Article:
DK: In the preface to Rain of Ash, you write that your exploration of Roma experiences of persecution would not be “sensible” to your grandparents. What do you mean by that?

AJ: I call this a book about the stories my grandparents never told. Even as people like my grandparents had no special obligation to others simply by virtue of being victims, there was an absence in their stories that felt notable. I wanted to know where this absence came from.

And in fact, these histories are entangled. I open one chapter with a 1946 list of so-called “gypsies registered with us”; it’s one of a series of lists created by a Jewish survivor organization. Right beside it in the archive was a list of Jews who survived concentration camps, which includes my grandmother. Did they stand in line next to each other applying for some benefit, applying to be recognized as victims?

DK: What was the relationship between Roma survivors and Jewish communities at that time?

AJ: Jews have a history of international self-organization, so after the war, there was already an infrastructure of support in place. As Jewish survivors tried to find surviving relatives, feed themselves, and move across borders and oceans, they had institutions to aid them. Some of the most important organizations that fed European survivors, like the Joint Distribution Committee, were Jewish. Immediately, Roma survivors—who rely primarily on familial networks—started turning to Jewish institutions.

It is tempting to think about Jewish power here, but the lesson is really one of robust Jewish self-assertion, often in the face of incredible adversity, especially in European countries. This is where Jewish successes have been inspiring to Roma communities. For example, right after the war, the big fantasy among Roma was that there would be international trials like Nuremberg—that the people who killed Roma would also be condemned on an international stage, that Romani voices would matter to the world, and that authoritative documents would be produced. But this didn’t happen. Yet another model of justice presented itself during the Eichmann trial, where a sovereign Jewish state abducted a central perpetrator and tried him. That inspired a lot of Romani intellectuals. Many Roma are not invested in a shared national project, but for those who are, Zionism is a key model—and that image of the victims convicting a Nazi war criminal was essential. Roma survivors started writing to prosecutors, saying: “So-and-so was our Eichmann. Please apprehend this person, put him on trial.”

But the relationships between Jews and Roma are also characterized by the prejudices of their environments. So while there is a long history of engagement across the communities in the sense of Roma individuals turning to Jewish institutions, and to individual Jews who may be interested in Roma, it is only in the past 30 years that we’ve begun to have a fuller—albeit still asymmetrical—dialogue, community to community.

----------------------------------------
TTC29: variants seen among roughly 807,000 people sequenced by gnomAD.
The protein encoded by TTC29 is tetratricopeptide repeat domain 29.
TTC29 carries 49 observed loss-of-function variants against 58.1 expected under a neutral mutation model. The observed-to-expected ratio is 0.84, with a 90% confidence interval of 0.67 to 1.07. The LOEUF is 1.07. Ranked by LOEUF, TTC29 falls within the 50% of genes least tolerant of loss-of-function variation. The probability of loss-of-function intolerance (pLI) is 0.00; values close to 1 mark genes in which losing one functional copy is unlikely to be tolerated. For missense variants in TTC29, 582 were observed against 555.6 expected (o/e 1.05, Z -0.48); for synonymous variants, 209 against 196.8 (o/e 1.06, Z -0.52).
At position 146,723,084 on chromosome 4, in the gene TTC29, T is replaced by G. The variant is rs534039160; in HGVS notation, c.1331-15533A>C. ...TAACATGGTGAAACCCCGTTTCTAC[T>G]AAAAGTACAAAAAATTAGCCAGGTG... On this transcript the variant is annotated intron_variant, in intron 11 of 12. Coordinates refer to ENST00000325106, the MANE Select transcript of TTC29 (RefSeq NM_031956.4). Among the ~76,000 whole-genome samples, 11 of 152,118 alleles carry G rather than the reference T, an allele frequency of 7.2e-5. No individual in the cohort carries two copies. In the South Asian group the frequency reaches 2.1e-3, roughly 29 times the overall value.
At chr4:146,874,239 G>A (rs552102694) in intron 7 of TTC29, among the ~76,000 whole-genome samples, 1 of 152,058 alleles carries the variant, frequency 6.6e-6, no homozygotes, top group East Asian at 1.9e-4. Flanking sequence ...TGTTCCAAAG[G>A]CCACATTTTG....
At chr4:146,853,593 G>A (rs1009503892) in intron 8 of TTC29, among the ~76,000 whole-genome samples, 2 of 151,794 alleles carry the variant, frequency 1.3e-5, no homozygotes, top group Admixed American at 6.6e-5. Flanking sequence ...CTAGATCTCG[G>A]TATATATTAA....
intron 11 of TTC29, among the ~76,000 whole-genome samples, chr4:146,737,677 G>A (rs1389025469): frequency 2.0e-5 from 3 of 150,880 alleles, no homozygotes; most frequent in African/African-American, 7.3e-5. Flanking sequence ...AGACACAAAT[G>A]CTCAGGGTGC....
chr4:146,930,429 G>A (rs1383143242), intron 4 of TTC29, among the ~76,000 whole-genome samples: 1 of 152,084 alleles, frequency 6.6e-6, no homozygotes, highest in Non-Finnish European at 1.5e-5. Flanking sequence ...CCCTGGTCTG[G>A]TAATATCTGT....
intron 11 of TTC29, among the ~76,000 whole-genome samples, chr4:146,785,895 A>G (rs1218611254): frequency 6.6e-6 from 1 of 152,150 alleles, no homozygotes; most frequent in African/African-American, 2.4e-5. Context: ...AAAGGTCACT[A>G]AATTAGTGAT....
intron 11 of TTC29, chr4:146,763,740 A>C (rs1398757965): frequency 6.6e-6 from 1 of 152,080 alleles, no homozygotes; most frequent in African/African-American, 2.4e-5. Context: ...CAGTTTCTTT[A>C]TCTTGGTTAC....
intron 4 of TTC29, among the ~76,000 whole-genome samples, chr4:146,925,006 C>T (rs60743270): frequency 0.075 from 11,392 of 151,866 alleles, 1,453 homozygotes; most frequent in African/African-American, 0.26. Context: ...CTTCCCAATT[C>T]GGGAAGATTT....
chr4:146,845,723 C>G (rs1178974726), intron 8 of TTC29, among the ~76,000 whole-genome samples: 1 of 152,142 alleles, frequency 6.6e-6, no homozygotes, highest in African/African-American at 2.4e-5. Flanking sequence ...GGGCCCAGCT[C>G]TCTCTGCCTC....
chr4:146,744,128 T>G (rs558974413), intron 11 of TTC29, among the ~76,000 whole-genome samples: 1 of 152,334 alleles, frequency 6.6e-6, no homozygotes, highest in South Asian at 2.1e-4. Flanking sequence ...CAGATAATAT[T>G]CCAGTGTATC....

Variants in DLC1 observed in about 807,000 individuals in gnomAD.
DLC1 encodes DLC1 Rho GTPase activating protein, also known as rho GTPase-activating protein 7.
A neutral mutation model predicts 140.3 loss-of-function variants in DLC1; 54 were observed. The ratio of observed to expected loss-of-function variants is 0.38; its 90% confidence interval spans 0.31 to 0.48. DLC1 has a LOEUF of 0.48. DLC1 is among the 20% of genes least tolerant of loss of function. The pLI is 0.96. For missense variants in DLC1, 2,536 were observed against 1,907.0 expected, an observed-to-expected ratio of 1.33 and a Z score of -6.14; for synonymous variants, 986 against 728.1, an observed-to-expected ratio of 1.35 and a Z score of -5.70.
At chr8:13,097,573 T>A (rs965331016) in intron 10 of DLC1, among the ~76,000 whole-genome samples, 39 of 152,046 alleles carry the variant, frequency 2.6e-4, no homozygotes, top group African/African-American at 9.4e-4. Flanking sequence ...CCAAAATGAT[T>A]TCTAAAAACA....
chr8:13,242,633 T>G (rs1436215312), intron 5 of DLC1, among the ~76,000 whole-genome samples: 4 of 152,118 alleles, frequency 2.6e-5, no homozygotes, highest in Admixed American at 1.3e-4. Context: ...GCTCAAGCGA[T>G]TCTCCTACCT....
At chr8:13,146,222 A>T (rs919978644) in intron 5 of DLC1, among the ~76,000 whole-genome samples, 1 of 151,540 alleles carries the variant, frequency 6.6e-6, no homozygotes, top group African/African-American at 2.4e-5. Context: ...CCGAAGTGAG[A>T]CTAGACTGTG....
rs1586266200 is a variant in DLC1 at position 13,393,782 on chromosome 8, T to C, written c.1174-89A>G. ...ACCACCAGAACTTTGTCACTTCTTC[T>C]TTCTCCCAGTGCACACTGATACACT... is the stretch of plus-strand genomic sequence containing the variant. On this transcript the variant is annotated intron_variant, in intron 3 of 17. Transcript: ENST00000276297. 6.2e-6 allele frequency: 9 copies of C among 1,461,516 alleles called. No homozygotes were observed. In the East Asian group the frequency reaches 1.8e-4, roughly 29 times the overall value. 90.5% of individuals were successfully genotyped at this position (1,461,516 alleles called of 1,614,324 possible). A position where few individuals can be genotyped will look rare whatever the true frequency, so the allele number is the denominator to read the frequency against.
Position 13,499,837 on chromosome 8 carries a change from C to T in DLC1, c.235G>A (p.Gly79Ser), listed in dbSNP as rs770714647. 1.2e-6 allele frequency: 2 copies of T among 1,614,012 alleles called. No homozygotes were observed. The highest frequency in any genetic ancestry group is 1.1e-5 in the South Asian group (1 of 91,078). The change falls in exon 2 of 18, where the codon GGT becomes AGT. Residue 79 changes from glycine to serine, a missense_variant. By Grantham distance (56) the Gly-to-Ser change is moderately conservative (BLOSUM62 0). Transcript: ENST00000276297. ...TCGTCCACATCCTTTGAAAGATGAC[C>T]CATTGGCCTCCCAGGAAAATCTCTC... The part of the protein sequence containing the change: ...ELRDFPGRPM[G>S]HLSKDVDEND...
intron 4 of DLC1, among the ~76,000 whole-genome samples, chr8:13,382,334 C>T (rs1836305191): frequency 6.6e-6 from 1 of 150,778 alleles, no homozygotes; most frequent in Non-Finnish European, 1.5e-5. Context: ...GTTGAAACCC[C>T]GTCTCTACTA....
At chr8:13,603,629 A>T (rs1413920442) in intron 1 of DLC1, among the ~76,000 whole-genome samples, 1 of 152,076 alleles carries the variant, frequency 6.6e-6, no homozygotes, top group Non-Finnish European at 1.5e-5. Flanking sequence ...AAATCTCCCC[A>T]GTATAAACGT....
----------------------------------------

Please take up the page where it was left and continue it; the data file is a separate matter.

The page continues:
DK: What do you think accounts for that shift?

AJ: It wasn’t until the 1980s and 1990s that there was a real boom in Holocaust memory. At that point, there was a proliferation of college courses on the Holocaust, as well as monuments and museums. With these initiatives came some big debates, including about the uniqueness of the Jewish Holocaust. A lot of Jews were saying, “Our stories are finally being heard, and now these Roma interlopers want to be added; that undermines our achievement.”

On the other hand, many Jews coming out of progressive traditions understood it as critical to enter alliances with other marginalized groups. After all, we face shared threats to our lives from the right. For example, in 1984, Jewish students in France were key to founding SOS Racisme [a major anti-racist organization in Europe]. I was there. I remember that we—the Jewish socialist youth, along with other socialists—went to Brussels to demonstrate, and everybody was chanting “Nous sommes tous les enfants des immigrés” (“We are all children of immigrants”).

Sadly, alliances between Jews and Roma are tightest where liberal democracy breaks down. To some degree, the rise of anti-democracy movements has encouraged the creation of alliances that didn’t seem as urgent in the ’80s or ’90s. In Germany, the Romani youth movement ternYpe commemorated the one-year anniversary of the 2019 attack outside the synagogue in Halle, and Jewish groups lit Hanukkah candles in solidarity with their Roma and Sinti brothers and sisters. In places like Hungary, where you have a regime targeting both groups, there are incredible solidarities, especially among younger Jews and Roma. I chatted with Jewish activists there who had a grant to build up a youth organization for Roma, modeled on the Jewish socialist Zionist youth organization Hashomer Hatzair.